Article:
[y[0][0], y[1][1], y[2][2], y[3][3]]
  [y[0][1], y[1][2], y[2][3]]
  [y[0][2], y[1][3]]
  [y[0][0], y[1][1], y[2][2], y[3][3]]
  [y[0][3], y[1][0], y[2][1], y[3][2]]
  [y[0][2], y[1][3], y[2][0], y[3][1]]
  [y[0][1], y[1][2], y[2][3], y[3][0]]

Finally, the function cp_array() allows us to transform any list (of any dimension) of integers into a more specific type called ‘ListInt’ that inherits from list. Similarly, it allows us to transform any list (of any dimension) of variables into a more specific type called ‘ListVar’ that inherits from list. It is important to have such specific types of lists when using the constraint Element. Importantly, when the data are loaded from a file (the usual case), all lists of integers have the specific type of list returned by cp_array(), and so, it is very rare to need to call this function explicitly.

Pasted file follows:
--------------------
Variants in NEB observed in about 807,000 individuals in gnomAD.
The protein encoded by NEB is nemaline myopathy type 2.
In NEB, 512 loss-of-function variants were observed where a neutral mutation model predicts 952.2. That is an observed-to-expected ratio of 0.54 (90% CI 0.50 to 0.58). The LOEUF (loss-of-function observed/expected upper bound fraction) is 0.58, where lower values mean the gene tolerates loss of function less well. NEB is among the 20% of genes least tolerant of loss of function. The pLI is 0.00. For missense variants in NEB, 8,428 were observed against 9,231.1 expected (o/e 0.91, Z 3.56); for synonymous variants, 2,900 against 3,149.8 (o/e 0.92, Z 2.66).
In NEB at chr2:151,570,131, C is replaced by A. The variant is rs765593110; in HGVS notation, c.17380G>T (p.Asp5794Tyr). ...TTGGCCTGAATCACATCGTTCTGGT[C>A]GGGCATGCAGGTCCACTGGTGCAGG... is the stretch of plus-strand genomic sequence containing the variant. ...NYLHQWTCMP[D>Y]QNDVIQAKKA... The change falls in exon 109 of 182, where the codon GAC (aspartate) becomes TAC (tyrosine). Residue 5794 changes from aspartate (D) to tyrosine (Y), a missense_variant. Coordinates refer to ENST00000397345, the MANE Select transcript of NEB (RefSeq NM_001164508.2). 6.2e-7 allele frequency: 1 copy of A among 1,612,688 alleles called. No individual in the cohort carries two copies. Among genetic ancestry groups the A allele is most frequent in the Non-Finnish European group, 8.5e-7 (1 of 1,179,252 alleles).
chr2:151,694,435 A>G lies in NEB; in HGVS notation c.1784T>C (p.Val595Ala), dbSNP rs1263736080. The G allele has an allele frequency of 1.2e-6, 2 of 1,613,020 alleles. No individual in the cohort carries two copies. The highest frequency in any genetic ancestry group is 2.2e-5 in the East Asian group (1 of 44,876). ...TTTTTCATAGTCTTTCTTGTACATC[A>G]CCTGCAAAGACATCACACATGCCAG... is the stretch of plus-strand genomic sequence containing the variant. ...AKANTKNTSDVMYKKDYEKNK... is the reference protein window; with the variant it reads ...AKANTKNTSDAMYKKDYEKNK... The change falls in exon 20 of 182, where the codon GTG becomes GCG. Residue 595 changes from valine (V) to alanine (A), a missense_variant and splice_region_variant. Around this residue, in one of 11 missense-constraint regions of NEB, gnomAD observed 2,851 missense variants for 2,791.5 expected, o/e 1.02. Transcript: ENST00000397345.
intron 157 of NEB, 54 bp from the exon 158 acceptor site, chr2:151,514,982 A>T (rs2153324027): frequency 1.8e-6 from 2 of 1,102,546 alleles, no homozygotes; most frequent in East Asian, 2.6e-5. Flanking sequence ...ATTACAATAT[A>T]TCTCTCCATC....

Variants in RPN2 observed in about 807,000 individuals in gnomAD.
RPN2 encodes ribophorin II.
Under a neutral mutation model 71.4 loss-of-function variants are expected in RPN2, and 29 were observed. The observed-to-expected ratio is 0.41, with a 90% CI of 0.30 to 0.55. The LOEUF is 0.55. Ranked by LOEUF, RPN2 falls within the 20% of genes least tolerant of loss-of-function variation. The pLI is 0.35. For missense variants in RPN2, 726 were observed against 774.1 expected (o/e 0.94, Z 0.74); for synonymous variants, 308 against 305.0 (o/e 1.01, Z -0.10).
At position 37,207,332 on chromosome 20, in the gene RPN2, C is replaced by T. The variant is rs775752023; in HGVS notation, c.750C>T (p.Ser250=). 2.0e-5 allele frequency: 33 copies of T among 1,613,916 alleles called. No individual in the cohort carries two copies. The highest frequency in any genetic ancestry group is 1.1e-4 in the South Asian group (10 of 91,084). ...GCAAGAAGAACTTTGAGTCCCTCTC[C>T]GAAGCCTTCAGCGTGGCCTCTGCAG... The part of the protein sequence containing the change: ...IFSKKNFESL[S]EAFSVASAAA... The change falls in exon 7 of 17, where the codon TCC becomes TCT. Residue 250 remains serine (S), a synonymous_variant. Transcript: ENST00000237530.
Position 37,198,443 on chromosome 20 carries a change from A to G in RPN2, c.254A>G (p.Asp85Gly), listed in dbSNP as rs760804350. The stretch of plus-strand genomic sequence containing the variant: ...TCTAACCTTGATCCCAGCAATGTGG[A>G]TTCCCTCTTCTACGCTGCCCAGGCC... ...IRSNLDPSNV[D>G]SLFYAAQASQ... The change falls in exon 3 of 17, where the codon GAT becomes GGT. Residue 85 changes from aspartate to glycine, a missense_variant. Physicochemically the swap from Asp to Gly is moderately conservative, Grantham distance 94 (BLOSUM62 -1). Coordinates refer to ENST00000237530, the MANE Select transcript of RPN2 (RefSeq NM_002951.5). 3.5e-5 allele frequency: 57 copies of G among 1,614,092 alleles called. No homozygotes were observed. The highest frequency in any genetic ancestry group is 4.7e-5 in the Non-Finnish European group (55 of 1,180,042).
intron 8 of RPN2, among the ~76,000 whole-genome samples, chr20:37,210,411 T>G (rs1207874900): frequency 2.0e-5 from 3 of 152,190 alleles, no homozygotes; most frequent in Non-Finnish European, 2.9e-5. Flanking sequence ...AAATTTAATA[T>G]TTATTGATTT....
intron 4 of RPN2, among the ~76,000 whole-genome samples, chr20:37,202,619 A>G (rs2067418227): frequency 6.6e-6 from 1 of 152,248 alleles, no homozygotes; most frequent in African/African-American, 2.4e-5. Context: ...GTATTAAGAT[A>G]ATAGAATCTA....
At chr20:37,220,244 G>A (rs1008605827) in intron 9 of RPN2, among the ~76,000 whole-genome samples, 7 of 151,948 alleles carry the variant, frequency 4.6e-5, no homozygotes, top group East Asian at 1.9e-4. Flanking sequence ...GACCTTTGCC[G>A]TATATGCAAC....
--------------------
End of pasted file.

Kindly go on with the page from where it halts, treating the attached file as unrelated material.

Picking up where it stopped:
Here is an illustration:

t = [3, 4, 5]
t = cp_array(t)
<class 'list'>
<class ''>

Another illustration is:

z = VarArray(size=5, dom={0,1})

zz = [z[0], z[2], z[4]]
zz = cp_array(zz)
<class ''>
<class 'list'>
<class ''>

Let us reacll that when a list is from type ‘ListVar’ or ‘ListInt’, it can be used in the expression of a constraint Element.

Handling Tuples

From package itertools, the following functions are directly available:

  • product()
  • permutations()
  • combinations()

Note that the function combinations() is slightly extended so as to permit the first argument to be an integer. In that case, this value is converted into a range. For example, if we execute:

print([tuple for tuple in combinations(5,2)])
[(0, 1), (0, 2), (0, 3), (0, 4), (1, 2), (1, 3), (1, 4), (2, 3), (2, 4), (3, 4)]

Utility Computations

Some utility functions are:

  • different_values()
  • flatten()
  • alphabet_positions()
  • all_primes()
  • integer_scaling()

The function different_values() just checks that all specified arguments are different. The function flatten() builds a one-dimensional list with all elements that can be encountered when looking into the specified arguments (typically, this is a list of possibly any dimension). None values are discarded except if the optional named parameter keep_none is set to True. For example, if we execute: